While his career in the US had declined, his popularity in Latin America was still strong, and he toured and continued to record material released in Mexico, South America, and Japan. Pérez Prado_sentence_49

He was revered as one of the reigning giants of the music industry and was a regular performer on Mexican television. Pérez Prado_sentence_50

A live concert recording of his 1973 tour was released by RCA in Japan on LP in Quadraphonic sound. Pérez Prado_sentence_51

In 1981, Pérez was featured in a musical revue entitled Sun, which enjoyed a long run in the Mexican capital. Pérez Prado_sentence_52

In 1983, his brother Pantaleón Pérez Prado, a musician who was also known professionally as Pérez Prado, died, and the press erroneously reported Dámaso's death. Pérez Prado_sentence_53

His final appearance in the US was in Hollywood on September 12, 1987, when he played to a packed house. Pérez Prado_sentence_54

This was also the year of his final recording. Pérez Prado_sentence_55

Persistent ill health plagued him for the next two years, and he died of a stroke in Mexico City on September 14, 1989, at age 72. Pérez Prado_sentence_56

Legacy Pérez Prado_section_5

Although he did not create the genre—Orestes López and his brother Cachao did in 1937—Pérez Prado has been recognized as a key figure in the popularization of mambo and Cuban dance music in general across the world in the 1950s. Pérez Prado_sentence_57

His success came from his adaptation of the fast mambo rhythm to the American-style big bands of the 1940s and away from the quieter Cuban charanga. Pérez Prado_sentence_58

He also worked with a variety of musicians who would go on to have successful careers. Pérez Prado_sentence_59

In 1946, he worked with guaracha singer Orlando Guerra "Cascarita", who became one of the leading exponents of the genre. Pérez Prado_sentence_60

In Mexico, he helped launch the career of Beny Moré in 1949, with hits such as "Anabacoa". Pérez Prado_sentence_61

In America, he worked with West-Coast trumpeters such as Maynard Ferguson, Pete Candoli and Ollie Mitchell (featured on "Flight of the Bumble Bee"), trombonist-vocalist Ray Vasquez, and a variety of percussionists, including Armando Peraza, Mongo Santamaría and Alex Acuña. Pérez Prado_sentence_62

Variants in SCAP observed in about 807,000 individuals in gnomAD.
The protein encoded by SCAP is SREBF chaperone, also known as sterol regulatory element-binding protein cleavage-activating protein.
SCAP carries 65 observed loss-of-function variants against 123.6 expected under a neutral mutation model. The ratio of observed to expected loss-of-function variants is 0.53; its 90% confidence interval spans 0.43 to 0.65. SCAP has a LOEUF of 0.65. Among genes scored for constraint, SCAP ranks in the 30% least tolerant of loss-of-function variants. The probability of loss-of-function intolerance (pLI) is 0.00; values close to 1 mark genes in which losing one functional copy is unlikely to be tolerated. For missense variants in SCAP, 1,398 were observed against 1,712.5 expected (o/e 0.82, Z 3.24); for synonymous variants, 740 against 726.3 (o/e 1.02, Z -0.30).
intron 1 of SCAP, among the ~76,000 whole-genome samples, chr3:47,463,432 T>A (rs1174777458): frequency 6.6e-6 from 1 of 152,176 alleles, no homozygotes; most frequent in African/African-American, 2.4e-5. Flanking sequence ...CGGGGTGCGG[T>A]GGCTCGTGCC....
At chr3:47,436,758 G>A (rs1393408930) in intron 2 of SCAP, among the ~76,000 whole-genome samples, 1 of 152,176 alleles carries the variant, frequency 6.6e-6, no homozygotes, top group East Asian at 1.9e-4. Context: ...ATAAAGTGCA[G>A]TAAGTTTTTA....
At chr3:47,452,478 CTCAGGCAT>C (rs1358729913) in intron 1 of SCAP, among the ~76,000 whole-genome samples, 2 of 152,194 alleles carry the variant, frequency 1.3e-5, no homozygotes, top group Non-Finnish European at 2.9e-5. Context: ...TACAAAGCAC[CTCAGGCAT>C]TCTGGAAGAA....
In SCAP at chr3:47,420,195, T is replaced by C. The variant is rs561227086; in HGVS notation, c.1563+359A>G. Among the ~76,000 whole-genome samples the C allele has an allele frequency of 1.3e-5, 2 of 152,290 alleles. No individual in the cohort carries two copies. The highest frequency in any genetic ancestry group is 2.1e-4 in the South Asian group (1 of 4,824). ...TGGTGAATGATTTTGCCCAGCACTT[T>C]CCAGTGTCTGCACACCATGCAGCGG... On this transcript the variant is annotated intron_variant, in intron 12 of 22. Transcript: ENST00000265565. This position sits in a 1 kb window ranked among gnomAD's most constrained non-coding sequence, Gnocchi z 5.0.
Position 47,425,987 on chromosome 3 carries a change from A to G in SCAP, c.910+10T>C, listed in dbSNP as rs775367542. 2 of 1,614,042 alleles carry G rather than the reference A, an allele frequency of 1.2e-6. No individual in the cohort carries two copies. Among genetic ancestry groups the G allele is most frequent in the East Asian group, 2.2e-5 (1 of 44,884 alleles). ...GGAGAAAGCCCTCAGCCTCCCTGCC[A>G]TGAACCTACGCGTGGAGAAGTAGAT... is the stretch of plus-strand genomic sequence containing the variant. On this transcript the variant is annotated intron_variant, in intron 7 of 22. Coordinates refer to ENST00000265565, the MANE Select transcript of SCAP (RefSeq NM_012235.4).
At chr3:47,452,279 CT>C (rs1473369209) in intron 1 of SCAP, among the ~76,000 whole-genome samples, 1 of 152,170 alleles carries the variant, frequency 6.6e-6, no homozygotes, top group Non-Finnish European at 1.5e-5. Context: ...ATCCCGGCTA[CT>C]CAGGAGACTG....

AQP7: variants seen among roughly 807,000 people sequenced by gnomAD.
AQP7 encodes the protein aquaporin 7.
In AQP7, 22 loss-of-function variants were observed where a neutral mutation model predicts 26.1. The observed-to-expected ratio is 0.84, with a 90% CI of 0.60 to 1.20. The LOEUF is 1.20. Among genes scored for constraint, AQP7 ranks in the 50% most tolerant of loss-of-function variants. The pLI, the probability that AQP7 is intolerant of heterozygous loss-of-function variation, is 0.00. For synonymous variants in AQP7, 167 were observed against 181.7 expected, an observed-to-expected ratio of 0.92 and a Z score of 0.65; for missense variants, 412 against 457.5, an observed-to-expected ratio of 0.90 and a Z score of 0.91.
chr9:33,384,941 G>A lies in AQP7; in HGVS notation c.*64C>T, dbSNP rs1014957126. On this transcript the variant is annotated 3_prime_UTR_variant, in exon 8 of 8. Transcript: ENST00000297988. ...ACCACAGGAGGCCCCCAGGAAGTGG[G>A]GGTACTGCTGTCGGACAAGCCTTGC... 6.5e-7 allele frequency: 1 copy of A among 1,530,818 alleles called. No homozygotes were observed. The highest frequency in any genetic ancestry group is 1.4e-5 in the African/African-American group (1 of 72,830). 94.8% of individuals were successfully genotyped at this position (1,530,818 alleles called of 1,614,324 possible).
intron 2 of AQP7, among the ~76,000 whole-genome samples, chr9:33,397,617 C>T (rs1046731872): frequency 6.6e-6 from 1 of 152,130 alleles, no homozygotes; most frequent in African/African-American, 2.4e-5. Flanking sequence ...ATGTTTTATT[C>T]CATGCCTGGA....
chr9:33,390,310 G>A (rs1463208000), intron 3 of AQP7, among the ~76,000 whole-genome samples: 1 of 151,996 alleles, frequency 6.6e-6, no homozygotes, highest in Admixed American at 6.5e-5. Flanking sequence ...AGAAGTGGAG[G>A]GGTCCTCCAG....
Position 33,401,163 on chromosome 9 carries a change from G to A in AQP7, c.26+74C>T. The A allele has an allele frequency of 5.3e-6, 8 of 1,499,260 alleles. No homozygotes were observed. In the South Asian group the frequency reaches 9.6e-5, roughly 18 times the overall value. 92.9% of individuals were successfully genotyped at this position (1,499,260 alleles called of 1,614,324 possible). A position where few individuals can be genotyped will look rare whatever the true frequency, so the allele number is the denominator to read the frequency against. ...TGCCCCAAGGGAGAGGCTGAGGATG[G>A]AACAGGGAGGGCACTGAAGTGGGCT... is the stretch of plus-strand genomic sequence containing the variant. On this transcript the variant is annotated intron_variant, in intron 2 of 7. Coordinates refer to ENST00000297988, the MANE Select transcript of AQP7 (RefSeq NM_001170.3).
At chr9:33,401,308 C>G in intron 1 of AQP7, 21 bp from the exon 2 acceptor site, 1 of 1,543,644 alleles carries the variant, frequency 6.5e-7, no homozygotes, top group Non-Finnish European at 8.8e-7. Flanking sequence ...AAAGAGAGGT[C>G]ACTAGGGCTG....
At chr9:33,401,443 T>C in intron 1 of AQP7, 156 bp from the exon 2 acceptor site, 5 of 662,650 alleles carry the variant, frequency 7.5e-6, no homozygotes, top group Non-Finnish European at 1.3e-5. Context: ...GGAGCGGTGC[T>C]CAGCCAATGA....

In 1999, Prado was posthumously inducted into the International Latin Music Hall of Fame. Pérez Prado_sentence_63

In popular culture Pérez Prado_section_6

Discography Pérez Prado_section_7

Singles Pérez Prado_section_8

See also: :Category:Pérez Prado songs Pérez Prado_sentence_64

Albums Pérez Prado_section_9

See also: :Category:Pérez Prado albums Pérez Prado_sentence_65

Pérez Prado_unordered_list_0

  • Pérez Prado Plays Mucho Mambo For Dancing (1951)Pérez Prado_item_0_0
  • Voodoo Suite (1955)Pérez Prado_item_0_1
  • Mambo By The King (1955)Pérez Prado_item_0_2
  • Mambo Mania (1955)Pérez Prado_item_0_3
  • Havana 3 A.M. (1956)Pérez Prado_item_0_4
  • Latin Satin (1957)Pérez Prado_item_0_5
  • Mambo Happy (1958)Pérez Prado_item_0_6
  • Dilo (Ugh!) (1958)Pérez Prado_item_0_7
  • "Prez" (1958) - Pérez only US Top 40 album, reaching the No. 22 spot in May 1959Pérez Prado_item_0_8
  • Pops and Prado (1959)Pérez Prado_item_0_9
  • A Touch of Tabasco with Rosemary Clooney (1959)Pérez Prado_item_0_10
  • Big Hits By Prado (1960)Pérez Prado_item_0_11
  • Perez Prado's Rockambo (1961)Pérez Prado_item_0_12
  • Latino! (1961)Pérez Prado_item_0_13
  • La Chunga (1961)Pérez Prado_item_0_14
  • Exotic Suite of the Americas (1962)Pérez Prado_item_0_15
  • Now! Twist Goes Latin (1962)Pérez Prado_item_0_16
  • Our Man In Latin America (1963)Pérez Prado_item_0_17
  • Dance Latino (1965)Pérez Prado_item_0_18
  • The Best Of Perez Prado (1967) Reissue of Big Hits By PradoPérez Prado_item_0_19
  • This Is Perez Prado (1971)Pérez Prado_item_0_20
  • Perez Prado - Pure Gold (1976) Another reissue of Big Hits By PradoPérez Prado_item_0_21

Filmography Pérez Prado_section_10

Pérez Prado_unordered_list_1

Credits to the contents of this page go to the authors of the corresponding Wikipedia page: en.wikipedia.org/wiki/Pérez Prado.